He associated with those who came to Him.

This is a jarring reality.  Jesus had an intentional plan and agenda.  He went to specific towns, followed the leadership of the Spirit, and ultimately went to Jerusalem where He was crucified.  He met many people along the way.  Some were unsuspecting, like the Samaritan woman at the well and the twelve disciples when He called them.  But by-in-large, His reputation and His presence drew a crowd.  He was continually surrounded by people wanting to hear Him teach and looking for a miracle.  We have no stories of Jesus in Scripture casually wandering into a bar or “sinner’s hangout”, just to blend in with the people.

Jesus also never trivialized or condoned sin.

Everyone who has ever been born has sinned.  Except for Jesus.  This is the foundation of Jesus’ profound response to the Pharisees who sought to kill the adulteress.  Even the Pharisees, who were pious and religious, knew that they were not perfect and without sin – thus none were able or willing to throw the first stone at the woman.  However, after He proved their guilt before the crowd, Jesus turned to the woman and strongly commanded her to “go and sin no more”.  He did not condone her adultery.  He did not excuse her sin on the basis that everyone sins, He told her to change.  He knew that in a very short time He Himself would pay the penalty for her adultery and all other sin.  He was giving her no leeway or freedom to continue in her lifestyle, He was profoundly offering forgiveness by preparing to take her place on the cross.

With Matthew and the tax collectors, Jesus also boldly proclaimed that He was there to call the sinners to righteousness stating simply that the sick need a healer.  All of humanity is sick, and we all need a healer.  Jesus is that healer.  He was not dining with the tax collectors to condone their theft and abuse of the people, He was eating with them calling them to righteousness.

What then is the application?  Jesus regularly preached to the masses and He also had intimate conversations one-on-one with people.  Jesus spent three years teaching and training the disciples, but he also sent people out to be His witness after a single encounter.  Jesus condemned some sinners for their sin and encouraged others to repentance.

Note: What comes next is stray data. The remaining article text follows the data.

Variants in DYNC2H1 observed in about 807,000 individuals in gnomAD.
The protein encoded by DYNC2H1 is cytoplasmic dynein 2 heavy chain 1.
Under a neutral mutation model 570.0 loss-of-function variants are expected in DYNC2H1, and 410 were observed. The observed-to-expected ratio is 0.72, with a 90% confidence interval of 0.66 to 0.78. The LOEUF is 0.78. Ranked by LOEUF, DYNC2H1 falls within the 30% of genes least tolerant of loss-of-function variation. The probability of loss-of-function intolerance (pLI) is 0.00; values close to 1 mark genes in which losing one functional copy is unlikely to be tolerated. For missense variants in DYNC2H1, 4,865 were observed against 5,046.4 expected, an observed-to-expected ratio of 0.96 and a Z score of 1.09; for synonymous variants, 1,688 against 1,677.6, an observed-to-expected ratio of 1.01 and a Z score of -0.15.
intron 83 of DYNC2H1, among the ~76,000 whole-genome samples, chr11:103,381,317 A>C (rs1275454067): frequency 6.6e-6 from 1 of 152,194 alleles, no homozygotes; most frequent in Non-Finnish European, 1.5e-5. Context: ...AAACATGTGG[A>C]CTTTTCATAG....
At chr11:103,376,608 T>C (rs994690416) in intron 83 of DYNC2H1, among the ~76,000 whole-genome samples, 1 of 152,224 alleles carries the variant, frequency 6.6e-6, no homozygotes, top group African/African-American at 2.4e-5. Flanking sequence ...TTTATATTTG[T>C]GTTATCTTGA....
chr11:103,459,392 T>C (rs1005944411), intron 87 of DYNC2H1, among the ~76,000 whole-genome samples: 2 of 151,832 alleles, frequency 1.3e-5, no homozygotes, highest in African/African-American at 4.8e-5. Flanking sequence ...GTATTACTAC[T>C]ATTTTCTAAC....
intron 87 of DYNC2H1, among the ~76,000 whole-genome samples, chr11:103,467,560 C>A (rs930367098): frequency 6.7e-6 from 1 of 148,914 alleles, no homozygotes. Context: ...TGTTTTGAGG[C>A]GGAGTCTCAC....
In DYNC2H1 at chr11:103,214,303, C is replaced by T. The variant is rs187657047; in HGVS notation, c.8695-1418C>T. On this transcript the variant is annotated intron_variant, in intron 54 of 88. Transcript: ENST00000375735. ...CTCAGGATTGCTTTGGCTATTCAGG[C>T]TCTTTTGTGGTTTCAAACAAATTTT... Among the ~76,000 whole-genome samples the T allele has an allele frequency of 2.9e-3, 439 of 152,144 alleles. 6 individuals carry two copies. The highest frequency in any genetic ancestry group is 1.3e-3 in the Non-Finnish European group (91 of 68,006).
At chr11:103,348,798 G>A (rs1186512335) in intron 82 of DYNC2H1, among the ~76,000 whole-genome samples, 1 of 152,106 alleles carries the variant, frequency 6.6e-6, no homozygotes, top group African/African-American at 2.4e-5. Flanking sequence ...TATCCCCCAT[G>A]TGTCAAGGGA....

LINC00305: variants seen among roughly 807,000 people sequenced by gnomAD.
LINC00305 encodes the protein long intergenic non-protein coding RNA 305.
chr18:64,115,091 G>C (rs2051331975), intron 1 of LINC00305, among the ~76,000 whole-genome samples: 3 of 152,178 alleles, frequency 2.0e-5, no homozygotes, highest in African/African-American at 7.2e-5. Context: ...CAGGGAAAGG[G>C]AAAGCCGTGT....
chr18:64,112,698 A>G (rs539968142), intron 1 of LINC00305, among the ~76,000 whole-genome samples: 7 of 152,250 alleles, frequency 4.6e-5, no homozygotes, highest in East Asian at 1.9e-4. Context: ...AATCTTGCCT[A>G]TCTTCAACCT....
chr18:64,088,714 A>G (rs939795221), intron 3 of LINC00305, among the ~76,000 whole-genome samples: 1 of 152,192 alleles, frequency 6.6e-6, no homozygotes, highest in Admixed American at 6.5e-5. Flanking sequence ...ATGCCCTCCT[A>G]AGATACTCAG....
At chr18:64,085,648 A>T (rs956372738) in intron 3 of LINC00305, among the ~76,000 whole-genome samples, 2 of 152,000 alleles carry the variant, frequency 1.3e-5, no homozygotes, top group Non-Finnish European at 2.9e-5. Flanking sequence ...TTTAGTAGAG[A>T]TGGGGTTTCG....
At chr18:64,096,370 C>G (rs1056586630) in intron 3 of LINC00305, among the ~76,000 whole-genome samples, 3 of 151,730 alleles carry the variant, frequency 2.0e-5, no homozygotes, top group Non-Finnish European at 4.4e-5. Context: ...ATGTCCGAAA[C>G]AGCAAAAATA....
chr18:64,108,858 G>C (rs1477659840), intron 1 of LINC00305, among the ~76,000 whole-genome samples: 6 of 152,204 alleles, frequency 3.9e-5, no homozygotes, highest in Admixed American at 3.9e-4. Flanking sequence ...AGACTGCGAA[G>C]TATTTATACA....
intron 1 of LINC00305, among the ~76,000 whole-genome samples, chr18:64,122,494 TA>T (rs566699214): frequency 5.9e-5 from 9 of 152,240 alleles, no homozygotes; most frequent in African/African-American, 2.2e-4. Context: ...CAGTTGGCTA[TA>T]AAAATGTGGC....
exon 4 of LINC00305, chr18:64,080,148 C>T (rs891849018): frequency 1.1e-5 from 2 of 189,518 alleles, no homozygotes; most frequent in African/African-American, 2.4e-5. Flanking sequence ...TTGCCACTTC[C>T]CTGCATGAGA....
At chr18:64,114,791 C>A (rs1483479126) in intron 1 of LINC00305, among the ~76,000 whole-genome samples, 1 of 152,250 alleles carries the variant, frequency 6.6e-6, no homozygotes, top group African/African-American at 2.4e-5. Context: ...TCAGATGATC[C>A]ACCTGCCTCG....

In short, there is no science to evangelism and disciple-making.  Every person is unique.  Some people are sinning and know that they are sinning, but are ready to repent.  Some people are sinning and know that they are sinning but are not ready to repent.  Some people are sinning and do not know that they are sinning!  Each situation is dramatically different and should be handled intentionally.  Some people are open to instruction in a group setting while others prefer instruction that is specific to their situation and personality.

What is vitally important, however, is Jesus’ clear example of never entertaining sin.  He build intentional relationships with people and spoke truth clearly from interaction number one.  He never welcomed or overlooked sin, but intentionally pushed each person according to their disposition and personality. Even so, however, almost everyone deserted Him.  There were many times throughout His ministry that the crowds came to Him to listen to Him preach or to receive healing and His teaching was too difficult for them to hear – so they left.  Many times people sought to kill Him – both the religious leaders and the crowd.  And we all know that ultimately they did kill Him, with even the twelve disciples being scattered.

Because of this reality, the biggest misunderstanding about Jesus and His interactions is not always the “who” but the “how”.  Jesus never just hung out with people.  He was always teaching, building up, healing, praying, and fulfilling His mission on Earth.  We must live with this type of urgency and intentionality.

There is very much a place for “relational evangelism” today.  However, we often use that term as an excuse to avoid the topics of sin and salvation.  We think that we will just be friends with non Christians and “sinners” and hopefully one day they will see what is different about us and ask.  Jesus’ relational evangelism was the exact opposite, however.  The truth was always boldly proclaimed and he continued to work with people towards the goal of their understanding and salvation.  We cannot condone sin.  We cannot overlook it and pretend it isn’t there.  But we also must remember that the greater problem is salvation – it serves no good to clean up a person’s actions if they have not yet met Jesus.

In short, Jesus hung out with anyone who wanted to hang out with Him.  However, in every situation He was intentional and spoke truth.  We should strive to be like Jesus.  We should engage everyone, speak truth with everyone, and adapt that truth fittingly to every situation and personality.  Let’s live with urgency and intentionality!